Rethinking treatment goals improves results for 'untreatable' anorexics
(Medical Xpress)—Patients with the most severe and dangerous form of chronic anorexia are more likely to make a significant improvement towards recovery and stay in therapy if traditional psychological treatments are re-focused from weight gain to quality of life issues.
By focusing treatment on quality of life, researchers found that 85 per cent of participants with severe and enduring anorexia nervosa (SE-AN) completed their course of treatment – almost three times the usual retention rate. These findings are the first to show that people with SE-AN can be treated with an outpatient treatment programme.
Professor Hubert Lacey, the London lead for the study, from St George's, University of London said:
"Anorexia nervosa has the highest mortality rate of any psychiatric disorder, and patients with SE-AN are notoriously difficult to treat. Most sufferers have been through multiple unsuccessful treatment episodes. Repeated failure leaves them with low motivation and a self-image dominated by illness. After prolonged periods of malnourishment, many sufferers are disabled, unable to hold down a job and have neurocognitive, cardiac or liver problems as well as osteoporosis."
Study participants also reported improved quality of life, reduced symptoms of mood disorders and enhanced social adjustment. While weight targets were considered a secondary outcome of the study, most participants gained weight and none lost weight during the study period.
Professor Lacey said: "These findings challenge the view of some NHS services that individuals with an enduring course of anorexia have little or no motivation to change or are unlikely to respond to conventional psychosocial treatment."
The randomised controlled trial – by researchers from St George's, University of London, the University of Sydney and the University of Chicago – was published online by the journal Psychological Medicine this month (May 2013).
Current treatment tends to focus on weight recovery goals. In this study, researchers altered two standard treatments – cognitive behavioural therapy (CBT) and specialist supportive clinical management (SSCM) – to focus goals around improved quality of life.
Professor Lacey said:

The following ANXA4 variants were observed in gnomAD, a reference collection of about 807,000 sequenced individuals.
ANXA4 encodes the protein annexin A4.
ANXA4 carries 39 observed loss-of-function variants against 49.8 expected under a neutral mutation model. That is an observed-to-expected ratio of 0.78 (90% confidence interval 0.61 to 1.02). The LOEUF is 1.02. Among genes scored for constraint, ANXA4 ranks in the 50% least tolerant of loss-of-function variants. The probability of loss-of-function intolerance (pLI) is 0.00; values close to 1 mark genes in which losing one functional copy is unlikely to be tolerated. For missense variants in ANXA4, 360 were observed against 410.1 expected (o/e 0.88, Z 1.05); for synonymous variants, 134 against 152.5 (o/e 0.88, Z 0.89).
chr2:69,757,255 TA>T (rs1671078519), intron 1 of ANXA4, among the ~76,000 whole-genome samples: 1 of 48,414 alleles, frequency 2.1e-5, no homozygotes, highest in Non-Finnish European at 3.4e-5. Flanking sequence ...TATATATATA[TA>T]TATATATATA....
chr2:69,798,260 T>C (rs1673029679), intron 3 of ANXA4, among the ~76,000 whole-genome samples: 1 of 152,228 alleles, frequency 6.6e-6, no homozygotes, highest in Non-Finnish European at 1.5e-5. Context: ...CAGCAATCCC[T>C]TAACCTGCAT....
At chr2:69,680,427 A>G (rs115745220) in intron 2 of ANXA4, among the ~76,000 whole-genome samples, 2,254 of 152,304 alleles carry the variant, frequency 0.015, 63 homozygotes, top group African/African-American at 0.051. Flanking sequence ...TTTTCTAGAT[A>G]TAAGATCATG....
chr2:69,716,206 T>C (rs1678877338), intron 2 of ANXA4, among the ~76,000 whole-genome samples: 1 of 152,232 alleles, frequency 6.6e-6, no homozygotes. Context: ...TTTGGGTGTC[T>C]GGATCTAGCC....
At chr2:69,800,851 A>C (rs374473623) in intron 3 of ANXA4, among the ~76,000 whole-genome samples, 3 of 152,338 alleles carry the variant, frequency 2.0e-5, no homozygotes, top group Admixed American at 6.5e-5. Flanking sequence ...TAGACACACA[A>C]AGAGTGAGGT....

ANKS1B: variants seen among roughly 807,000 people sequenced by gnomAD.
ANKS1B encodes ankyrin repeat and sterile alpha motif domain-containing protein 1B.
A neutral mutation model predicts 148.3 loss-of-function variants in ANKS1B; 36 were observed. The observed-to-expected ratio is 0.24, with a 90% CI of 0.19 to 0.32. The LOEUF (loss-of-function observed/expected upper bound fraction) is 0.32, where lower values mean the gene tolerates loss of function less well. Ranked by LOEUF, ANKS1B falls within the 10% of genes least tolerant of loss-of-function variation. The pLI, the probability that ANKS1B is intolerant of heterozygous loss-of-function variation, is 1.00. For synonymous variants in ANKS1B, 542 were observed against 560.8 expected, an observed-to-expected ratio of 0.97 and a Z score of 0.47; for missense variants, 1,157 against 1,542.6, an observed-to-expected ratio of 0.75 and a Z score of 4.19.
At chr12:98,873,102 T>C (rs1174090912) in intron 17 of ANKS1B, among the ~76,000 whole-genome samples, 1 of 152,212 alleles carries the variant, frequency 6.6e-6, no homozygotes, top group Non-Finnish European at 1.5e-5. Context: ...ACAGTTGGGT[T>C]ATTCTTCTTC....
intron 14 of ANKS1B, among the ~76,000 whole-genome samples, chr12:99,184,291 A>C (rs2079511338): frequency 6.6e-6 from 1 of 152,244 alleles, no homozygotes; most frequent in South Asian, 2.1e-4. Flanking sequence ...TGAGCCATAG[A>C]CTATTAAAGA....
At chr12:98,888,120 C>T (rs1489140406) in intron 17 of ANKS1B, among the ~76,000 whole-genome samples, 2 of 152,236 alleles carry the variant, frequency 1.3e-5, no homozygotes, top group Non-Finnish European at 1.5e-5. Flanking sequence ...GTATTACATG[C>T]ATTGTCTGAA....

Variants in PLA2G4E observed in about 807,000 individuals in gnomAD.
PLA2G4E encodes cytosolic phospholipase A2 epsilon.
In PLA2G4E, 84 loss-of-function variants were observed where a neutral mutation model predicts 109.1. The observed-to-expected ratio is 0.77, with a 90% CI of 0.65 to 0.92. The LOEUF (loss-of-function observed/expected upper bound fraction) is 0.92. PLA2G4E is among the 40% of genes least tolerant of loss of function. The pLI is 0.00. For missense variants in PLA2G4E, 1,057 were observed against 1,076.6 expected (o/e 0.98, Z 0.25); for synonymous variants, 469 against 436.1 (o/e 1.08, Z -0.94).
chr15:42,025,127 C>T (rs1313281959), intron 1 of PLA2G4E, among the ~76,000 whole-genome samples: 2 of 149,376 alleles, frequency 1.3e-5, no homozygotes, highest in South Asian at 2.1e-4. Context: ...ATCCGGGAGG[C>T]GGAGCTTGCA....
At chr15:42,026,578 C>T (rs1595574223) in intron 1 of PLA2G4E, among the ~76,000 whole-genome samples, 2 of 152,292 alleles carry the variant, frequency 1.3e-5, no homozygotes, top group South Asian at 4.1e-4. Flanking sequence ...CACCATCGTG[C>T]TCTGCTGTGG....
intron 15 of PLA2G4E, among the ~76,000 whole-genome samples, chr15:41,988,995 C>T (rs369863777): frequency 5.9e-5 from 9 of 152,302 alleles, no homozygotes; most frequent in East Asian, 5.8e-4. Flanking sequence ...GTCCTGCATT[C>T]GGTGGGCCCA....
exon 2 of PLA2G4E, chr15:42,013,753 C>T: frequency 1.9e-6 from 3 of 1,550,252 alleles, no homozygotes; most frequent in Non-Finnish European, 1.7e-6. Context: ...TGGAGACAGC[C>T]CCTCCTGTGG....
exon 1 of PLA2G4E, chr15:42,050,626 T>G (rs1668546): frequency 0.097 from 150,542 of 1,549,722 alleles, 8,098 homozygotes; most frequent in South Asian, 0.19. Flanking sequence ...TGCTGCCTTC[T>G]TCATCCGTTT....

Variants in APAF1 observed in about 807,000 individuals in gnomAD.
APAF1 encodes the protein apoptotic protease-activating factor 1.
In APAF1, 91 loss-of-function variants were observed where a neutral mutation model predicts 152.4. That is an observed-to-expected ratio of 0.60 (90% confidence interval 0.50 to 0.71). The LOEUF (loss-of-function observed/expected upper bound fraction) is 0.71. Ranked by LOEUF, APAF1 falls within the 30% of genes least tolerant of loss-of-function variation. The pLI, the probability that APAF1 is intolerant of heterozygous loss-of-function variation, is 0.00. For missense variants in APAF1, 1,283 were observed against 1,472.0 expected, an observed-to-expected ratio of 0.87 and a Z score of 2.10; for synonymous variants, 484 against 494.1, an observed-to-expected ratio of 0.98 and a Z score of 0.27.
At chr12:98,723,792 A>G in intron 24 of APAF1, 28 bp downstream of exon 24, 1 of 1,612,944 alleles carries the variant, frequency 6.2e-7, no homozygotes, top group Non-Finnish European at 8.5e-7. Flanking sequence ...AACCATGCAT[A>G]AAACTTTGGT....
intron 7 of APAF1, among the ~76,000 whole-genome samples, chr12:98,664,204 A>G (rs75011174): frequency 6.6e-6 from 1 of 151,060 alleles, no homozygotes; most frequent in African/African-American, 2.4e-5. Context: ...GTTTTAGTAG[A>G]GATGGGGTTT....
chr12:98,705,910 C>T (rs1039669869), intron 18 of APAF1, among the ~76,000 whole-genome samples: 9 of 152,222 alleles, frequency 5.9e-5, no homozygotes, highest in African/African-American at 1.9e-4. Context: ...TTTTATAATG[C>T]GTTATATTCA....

"Our goal was to peel back the negative impact of anorexia and to shift the traditional pressure to gain weight to an emphasis on improving quality of life and overall functioning. By refocusing the core of treatment, we were able to engage highly resistant individuals with severe and enduring anorexia nervosa in treatment, circumvent the notoriously high dropout rates and help them make their lives a little better."
The study involved 63 patients, all women, at two clinical centres – one at St George's, University of London and the other at the University of Sydney. The average body mass index (BMI) of study participants was 16.2, with a minimum weight of BMI 11.8. All participants had suffered from SE-AN for at least seven years, with an average duration of illness for more than 15 years.
Thirty-one patients were assigned to CBT and 32 to SSCM. Both treatments involved 30 outpatient therapy sessions over eight months. Patients were assessed at the end of treatment, with follow-up assessments six and 12 months later.
Results from both treatments were comparable, with the researchers describing improvements ranging from "moderate" to "large" on measures assessed. CBT had a greater impact on eating-disorder symptoms and readiness to change. SSCM produced larger improvements in health-related quality of life and depression. The average BMI of participants also increased, from 16.2 to 16.8, about four per cent.
"The results were far better than most people in the field would have expected," said Professor Daniel Le Grange from the University of Chicago, who led the study's data analysis. "Many of these patients were profoundly ill. The prevailing wisdom is that current treatments have not been effective and patients are best served by refeeding in the hospital setting. This study showed that specific modification of these behavioural approaches could overcome the high dropout rates and lead to meaningful positive change."
The researchers explain that limitations of the study include a moderate sample group and a relatively short follow-up period of 12 months but the St George's and Sydney research teams are now following up the patients for five years.
Professor Lacey said: "Despite these limitations, the high retention rate and the magnitude of improvement in most of the outcome measures were very encouraging, especially in the setting of a disorder with poor compliance and limited previous clinical success."